AKA: UCLA, Towell Library, Westwood, Los Angeles, CA

Structure Type: built works - public buildings - schools - university buildings

Designers: American Constructors California, Incorporated (firm); Byrne, Patrick and Associates, Electrical Engineers (firm); Engelkirk, Robert, Engineering, Incorporated (firm); Hodgetts + Fung Design Associates (firm); Martin, A.C. and Associates, Architects (firm); Quigley, Patrick, and Associates (firm); Rubb Building Systems (firm); Sullivan Partnership, Mechanical Engineers (firm); Patrick Byrne (electrical engineer); Gary Dvorak (lighting designer); Robert Engelkirk ; Hsin-Ming Fung (architect); Craig Edward Hodgetts (architect); Albert Carey Martin Jr. (architect); Jerry Edward Sullivan (mechanical engineer)

Dates: constructed 1992-1992, demolished 1997

2 stories, total floor area: 36,000 sq. ft.

Wilson Plaza
University of California, Los Angeles, Campus, Los Angeles, CA 90095

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The Towell Library stood in Wilson Plaza to the west of Janss Steps.


This temporary library facility was erected on the UCLA Campus while Powell Library underwent seismic renovation and alterations during the 1992-1997 period. The Temporary Powell, or "Towell," as students called it, had the capacity of 210,000 volumes and contained about 36,000 square feet of space. It stood at the foot of Janss Steps, east of the athletic fields. It gained world-wide attention for its architects Hodgetts + Fung, a remarkable feat for a hastily-designed-and-constructed, impermanent building.

Building History

The Santa Monica-based architectural firm of Hodgetts + Fung planned and supervised the construction of the Temporary Powell Library over a nine-month period in 1992. In an article looking back at the Towell Library in 2018, the UCLA Newsroom website noted: "To execute his solution, [UCLA campus architect Charles] Oakley turned to architects within the Bruin community: the husband-and-wife team of UCLA Associate Professor Craig Hodgetts and alumna Hsinming Fung M.Arch. ’80. The ... team of Hodgetts + Fung had designed the UCLA gateway, the campus entrance at Westwood Boulevard and Le Conte Avenue. 'We had won the trust of the administration,' Hodgetts says. They had also designed a temporary theater, so they were knowledgeable about impermanent construction. For the Powell project, the couple worked under severe time constraints. 'It was an emergency-type schedule,' says Hodgetts. Over 14 months, they created a two-story structure using aluminum, canvas, and exposed cables and fasteners, at a cost of $3.5 million. It sat between the Men’s Gym (now the Student Activities Center) and the Dance Building (now Glorya Kaufman Hall) at the bottom of Janss Steps. Its name: Temporary Powell Staging Facility. Before long, to the campus community, it became simply 'Towell.'" (See UCLA Newsroom.edu, "Hail to the Hills: A Balloon of a Building," published 07/01/2018, accessed 11/01/2023.) Various figures for the cost of Towell were mentioned in newspaper and website reports, ranging from $2.9 to $3.5 million.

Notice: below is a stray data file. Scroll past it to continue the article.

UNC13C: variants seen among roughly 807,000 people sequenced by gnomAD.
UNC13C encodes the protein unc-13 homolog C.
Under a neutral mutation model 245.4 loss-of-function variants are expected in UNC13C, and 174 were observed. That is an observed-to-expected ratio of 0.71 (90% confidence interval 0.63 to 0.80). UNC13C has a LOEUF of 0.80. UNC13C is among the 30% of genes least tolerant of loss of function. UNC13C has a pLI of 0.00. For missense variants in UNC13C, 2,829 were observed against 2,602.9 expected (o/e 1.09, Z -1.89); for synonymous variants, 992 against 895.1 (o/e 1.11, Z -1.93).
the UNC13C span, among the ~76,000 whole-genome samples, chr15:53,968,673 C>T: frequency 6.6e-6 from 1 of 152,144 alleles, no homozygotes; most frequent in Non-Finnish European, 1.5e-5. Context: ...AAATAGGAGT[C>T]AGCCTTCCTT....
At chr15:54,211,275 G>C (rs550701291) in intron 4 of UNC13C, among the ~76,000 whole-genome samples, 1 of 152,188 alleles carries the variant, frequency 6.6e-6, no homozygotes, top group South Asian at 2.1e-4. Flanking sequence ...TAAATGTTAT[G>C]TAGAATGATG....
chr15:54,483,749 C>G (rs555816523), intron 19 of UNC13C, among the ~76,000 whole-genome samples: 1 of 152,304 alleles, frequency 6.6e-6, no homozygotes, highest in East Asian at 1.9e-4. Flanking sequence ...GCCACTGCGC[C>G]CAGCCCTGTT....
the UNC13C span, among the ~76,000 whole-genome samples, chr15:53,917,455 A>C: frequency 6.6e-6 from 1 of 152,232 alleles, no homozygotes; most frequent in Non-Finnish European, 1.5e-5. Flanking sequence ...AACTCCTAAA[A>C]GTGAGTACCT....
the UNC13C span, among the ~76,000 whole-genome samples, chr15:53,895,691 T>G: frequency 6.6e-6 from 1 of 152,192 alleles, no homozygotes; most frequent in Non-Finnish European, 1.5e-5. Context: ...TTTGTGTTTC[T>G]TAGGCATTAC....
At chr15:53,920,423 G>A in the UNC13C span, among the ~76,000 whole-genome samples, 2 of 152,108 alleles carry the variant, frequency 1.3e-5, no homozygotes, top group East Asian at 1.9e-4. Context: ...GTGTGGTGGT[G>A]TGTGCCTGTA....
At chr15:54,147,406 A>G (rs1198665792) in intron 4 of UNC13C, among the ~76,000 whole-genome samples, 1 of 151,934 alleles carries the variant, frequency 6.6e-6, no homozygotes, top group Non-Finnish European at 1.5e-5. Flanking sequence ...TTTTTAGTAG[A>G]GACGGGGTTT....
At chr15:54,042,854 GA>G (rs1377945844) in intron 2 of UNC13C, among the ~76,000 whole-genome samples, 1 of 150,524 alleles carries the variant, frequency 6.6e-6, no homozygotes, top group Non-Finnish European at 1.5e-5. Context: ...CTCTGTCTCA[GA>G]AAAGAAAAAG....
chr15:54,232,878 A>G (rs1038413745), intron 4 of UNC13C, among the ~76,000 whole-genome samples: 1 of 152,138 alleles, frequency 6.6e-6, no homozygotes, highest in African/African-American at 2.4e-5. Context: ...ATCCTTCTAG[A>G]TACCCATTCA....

The Hodgett + Fung project team included: Craig Hodgetts, Ming Fung, Lunn Batsch, Robert Flock, William Martin and Peter Noble. The architects collaborated with the structural engineers Robert Englekirk Engineering, Incorporated and the electrical engineers Patrick Byrne and Associates. The architectural and engineering firm of A.C. Martin and Associates served as the civil engineers. The general contractor was American Constructors California, Incorporated, and the steel and shell fabricator was Rubb Building Systems. The lighting consultants were Patrick Quigley and Gary Dvorak of Patrick Quigley and Associates. (See Library Builders, [London, England: Academy Editions, 1997], p. 221.)